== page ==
By Marivir R. Montebon
New York – Sesar is a historic step up for the Filipino artist and the Filipino narrative on the theater arts here. Perfectly timed for the month of October as the Filipino American History Month, it gathered Filipinos to appreciate their own relatable migration story on center stage.
Written and performed entirely by Julliard trained Orlando Pabotoy on MaYi Theater, Sesar unravels as the first theatrical art fully depicting the disrupted life of a Bisaya-Filipino on Times Square’s The Beckett on theater row. The week-long performance is directed by Richard Feldman.
The 90-minute play situates itself in the political storm during the Marcos downfall that displaced an entire family to Fiji for fear of persecution, and then to the US. It uses Shakespeare’s Julius Caesar to appreciate political betrayals of the local ruling elite, as it did at the time of Caesar in Rome.
The intricacy of acting as a son and father with a heavily Boholano accent makes the play genuine and rib tickling, and Pabotoy stunning, as he shifts his accent and character as the Americanized young son, to the old provinciano Bisaya father, and back. Pabotoy is a product of an American mom and a Boholano dad. In one of those performances, the old Pabotoy watched his son perform, swinging back and forth eloquently on his Bisaya and American accents. Truly impressive and hilarious.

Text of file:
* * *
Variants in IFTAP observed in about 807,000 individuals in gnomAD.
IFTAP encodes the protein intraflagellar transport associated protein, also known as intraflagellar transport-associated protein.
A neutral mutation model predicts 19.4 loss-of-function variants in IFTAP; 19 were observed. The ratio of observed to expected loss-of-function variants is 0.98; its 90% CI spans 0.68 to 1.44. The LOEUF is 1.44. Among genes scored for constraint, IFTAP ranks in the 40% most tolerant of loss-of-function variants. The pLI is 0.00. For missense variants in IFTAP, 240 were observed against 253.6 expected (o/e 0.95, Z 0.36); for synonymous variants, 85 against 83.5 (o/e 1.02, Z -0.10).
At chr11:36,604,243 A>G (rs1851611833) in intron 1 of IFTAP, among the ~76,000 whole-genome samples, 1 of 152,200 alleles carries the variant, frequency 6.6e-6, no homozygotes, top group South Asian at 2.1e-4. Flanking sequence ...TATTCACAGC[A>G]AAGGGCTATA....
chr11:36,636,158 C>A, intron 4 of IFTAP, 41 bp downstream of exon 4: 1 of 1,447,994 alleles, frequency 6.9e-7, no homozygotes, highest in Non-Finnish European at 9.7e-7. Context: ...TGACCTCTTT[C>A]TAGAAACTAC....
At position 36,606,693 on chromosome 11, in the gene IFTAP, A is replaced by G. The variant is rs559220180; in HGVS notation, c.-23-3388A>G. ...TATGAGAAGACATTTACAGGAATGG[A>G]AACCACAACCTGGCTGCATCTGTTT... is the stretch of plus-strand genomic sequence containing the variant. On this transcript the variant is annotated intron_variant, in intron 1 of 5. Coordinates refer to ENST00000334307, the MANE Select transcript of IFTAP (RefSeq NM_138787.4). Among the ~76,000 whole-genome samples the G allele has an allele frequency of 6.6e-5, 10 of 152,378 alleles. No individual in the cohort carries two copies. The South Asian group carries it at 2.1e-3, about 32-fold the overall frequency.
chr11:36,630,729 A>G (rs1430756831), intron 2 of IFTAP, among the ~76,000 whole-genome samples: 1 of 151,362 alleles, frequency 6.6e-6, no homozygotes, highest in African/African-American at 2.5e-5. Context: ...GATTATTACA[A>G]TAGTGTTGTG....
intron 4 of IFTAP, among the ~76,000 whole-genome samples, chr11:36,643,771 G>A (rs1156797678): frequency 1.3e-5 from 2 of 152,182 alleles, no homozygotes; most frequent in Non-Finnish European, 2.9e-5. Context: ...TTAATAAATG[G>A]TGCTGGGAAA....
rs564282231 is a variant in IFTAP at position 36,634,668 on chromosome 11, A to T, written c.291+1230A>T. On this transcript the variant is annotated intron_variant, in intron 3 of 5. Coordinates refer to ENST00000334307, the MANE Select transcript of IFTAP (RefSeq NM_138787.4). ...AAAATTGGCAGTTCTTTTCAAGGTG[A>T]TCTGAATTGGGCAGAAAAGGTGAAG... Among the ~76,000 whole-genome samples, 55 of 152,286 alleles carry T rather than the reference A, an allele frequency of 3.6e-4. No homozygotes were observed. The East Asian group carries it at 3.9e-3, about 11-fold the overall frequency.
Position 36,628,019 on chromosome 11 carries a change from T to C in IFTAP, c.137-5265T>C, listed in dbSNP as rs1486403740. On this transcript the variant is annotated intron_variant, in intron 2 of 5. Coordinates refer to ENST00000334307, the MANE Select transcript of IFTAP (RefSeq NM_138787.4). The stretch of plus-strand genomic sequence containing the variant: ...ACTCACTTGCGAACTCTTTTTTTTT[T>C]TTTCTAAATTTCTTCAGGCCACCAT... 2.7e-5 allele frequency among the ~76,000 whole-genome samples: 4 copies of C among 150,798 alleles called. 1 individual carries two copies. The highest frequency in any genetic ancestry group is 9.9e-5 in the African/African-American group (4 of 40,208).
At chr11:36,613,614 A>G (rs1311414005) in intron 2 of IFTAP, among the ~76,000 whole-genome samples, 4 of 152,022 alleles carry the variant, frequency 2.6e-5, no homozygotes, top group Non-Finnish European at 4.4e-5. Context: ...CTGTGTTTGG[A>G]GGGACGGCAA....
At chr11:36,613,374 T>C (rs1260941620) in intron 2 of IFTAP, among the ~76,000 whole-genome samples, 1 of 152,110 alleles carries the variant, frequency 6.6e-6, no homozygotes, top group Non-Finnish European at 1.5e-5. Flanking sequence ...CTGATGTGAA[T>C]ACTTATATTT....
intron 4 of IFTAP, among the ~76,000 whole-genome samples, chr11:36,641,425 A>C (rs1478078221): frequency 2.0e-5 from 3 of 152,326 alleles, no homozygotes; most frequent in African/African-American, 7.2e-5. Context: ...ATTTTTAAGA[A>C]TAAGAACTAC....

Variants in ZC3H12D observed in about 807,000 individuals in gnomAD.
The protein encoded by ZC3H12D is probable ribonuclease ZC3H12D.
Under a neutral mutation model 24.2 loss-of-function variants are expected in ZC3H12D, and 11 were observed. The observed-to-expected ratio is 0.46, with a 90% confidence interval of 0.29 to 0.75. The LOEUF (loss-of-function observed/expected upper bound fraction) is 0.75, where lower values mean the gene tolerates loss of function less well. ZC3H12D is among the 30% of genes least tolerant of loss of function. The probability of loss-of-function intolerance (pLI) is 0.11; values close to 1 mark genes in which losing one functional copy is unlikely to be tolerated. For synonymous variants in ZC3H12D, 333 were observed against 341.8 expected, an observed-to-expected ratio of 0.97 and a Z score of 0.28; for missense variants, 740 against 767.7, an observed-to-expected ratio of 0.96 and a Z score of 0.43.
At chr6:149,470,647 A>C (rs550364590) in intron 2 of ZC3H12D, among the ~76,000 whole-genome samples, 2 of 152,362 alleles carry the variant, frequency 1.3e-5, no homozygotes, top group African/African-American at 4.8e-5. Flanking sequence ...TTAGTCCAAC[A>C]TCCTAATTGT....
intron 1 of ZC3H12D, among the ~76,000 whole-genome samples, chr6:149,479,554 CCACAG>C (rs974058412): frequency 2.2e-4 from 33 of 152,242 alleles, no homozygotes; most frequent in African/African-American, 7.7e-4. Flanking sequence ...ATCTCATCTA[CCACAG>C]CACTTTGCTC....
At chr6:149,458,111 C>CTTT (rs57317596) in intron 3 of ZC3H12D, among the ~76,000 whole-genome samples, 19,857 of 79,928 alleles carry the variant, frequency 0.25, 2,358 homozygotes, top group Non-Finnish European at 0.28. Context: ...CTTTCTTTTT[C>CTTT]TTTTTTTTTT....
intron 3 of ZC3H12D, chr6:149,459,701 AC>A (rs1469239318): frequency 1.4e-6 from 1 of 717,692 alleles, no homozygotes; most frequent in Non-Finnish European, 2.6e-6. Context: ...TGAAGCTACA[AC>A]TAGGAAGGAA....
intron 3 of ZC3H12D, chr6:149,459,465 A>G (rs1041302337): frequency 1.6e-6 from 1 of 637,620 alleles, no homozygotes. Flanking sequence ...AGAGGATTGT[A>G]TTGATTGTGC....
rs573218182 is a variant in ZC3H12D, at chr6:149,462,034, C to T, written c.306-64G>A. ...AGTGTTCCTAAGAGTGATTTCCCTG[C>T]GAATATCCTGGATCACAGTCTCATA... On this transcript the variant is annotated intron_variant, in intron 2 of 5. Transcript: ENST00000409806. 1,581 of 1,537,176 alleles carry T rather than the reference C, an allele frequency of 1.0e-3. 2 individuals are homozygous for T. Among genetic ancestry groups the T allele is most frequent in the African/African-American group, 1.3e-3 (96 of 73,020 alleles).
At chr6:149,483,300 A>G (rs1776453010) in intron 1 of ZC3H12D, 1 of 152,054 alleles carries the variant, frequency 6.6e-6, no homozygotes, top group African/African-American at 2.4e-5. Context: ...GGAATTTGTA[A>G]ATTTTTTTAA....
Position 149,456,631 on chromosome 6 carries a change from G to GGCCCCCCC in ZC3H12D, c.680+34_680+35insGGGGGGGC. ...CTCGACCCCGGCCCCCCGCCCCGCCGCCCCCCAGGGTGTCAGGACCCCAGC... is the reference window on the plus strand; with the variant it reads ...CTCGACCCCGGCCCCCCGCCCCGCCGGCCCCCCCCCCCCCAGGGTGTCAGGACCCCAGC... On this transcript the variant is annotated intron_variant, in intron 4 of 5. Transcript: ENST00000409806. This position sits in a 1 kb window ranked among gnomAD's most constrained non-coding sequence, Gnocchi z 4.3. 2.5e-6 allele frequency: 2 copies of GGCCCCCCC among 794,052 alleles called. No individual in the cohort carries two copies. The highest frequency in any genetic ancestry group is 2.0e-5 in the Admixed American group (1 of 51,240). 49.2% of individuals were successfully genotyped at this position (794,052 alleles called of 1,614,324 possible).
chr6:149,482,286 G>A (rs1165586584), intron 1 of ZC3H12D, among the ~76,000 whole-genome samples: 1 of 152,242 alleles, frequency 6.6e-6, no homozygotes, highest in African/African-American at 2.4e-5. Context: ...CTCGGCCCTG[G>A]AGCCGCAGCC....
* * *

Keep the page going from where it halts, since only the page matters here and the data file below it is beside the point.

Sesar is a hybrid of the autobiography of Pabotoy’s father, who is Orlando Sr. a town mayor of Bohol, and the theatrics of Marcus Brutus, Cassius, and Mark Antony during the murder of Julius Caesar. It is distinctively beautiful and substantive, well-thought and well-crafted, set entirely inside a bathroom, which was designed by Junghyun Georgia Lee.
At the talk-back after the play, Pabotoy admitted that as a young boy, he was awed by the elegant delivery of actor Christopher Plummer of Marcus Brutus in a favorite family comedy on TV. He was hooked. With the conception of Sesar, the Plummer influence on Pabotoy had been indeed reflected, as well as Pabotoy’s honoring of his own father.
Sesar’s theme of self-preservation, political betrayal, humiliation, melancholia, and redemption is weaved in Shakespearean oratory and in the poetry of the homesick yet resilient Filipino in diaspora. Sesar should go on tour.
(Featured photo: Director Ralph Pena, right, engages Feldman and Pabotoy during the talk-back)
#orlandowasamazing with Jaena Valles.